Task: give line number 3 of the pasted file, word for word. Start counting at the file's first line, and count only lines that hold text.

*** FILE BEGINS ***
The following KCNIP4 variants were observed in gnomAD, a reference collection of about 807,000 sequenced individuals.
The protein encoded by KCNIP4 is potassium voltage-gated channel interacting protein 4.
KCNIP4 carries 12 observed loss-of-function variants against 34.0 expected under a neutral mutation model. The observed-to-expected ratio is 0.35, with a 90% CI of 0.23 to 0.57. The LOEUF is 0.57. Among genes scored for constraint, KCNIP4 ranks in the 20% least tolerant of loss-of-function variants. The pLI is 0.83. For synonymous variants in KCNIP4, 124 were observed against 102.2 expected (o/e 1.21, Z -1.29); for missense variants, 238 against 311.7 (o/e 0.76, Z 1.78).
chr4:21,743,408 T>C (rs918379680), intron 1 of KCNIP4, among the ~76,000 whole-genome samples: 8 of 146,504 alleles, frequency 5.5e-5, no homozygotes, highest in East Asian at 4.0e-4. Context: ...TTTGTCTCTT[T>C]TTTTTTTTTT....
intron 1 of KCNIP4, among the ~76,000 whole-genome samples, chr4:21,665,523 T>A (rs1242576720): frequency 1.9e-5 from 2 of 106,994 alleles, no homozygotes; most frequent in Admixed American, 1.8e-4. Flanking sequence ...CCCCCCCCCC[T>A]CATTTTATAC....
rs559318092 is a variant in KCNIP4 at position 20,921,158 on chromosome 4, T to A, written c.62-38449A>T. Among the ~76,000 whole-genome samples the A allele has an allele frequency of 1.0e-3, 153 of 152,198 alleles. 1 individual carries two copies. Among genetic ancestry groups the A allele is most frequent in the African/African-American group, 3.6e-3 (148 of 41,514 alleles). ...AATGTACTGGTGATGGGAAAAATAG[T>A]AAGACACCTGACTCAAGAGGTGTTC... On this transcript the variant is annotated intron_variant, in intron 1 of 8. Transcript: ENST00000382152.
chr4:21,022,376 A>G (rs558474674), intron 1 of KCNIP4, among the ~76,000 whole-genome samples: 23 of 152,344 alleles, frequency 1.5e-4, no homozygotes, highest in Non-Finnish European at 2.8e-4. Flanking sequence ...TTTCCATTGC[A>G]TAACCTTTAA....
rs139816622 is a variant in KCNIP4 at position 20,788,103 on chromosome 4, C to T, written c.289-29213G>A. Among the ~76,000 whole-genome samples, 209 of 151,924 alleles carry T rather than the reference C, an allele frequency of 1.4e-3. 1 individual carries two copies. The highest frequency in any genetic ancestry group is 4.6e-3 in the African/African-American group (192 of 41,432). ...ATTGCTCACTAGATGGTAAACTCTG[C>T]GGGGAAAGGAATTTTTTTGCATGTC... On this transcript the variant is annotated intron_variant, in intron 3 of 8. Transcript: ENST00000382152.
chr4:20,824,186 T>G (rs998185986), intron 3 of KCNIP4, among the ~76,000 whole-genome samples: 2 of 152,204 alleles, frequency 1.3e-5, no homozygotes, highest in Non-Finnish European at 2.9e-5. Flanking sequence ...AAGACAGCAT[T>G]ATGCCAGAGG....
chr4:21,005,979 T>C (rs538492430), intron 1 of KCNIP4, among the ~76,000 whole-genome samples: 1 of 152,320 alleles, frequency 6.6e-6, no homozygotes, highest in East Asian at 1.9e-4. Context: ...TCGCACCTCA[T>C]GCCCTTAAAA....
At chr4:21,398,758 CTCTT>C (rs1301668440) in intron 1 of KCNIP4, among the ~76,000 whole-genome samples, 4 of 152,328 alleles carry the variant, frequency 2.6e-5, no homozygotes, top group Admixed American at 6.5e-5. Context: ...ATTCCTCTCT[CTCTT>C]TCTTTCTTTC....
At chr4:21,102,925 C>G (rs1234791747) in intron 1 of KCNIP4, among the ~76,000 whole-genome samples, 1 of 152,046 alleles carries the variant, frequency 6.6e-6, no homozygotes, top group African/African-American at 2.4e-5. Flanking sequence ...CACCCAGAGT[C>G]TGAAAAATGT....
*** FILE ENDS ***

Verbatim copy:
KCNIP4 carries 12 observed loss-of-function variants against 34.0 expected under a neutral mutation model. The observed-to-expected ratio is 0.35, with a 90% CI of 0.23 to 0.57. The LOEUF is 0.57. Among genes scored for constraint, KCNIP4 ranks in the 20% least tolerant of loss-of-function variants. The pLI is 0.83. For synonymous variants in KCNIP4, 124 were observed against 102.2 expected (o/e 1.21, Z -1.29); for missense variants, 238 against 311.7 (o/e 0.76, Z 1.78).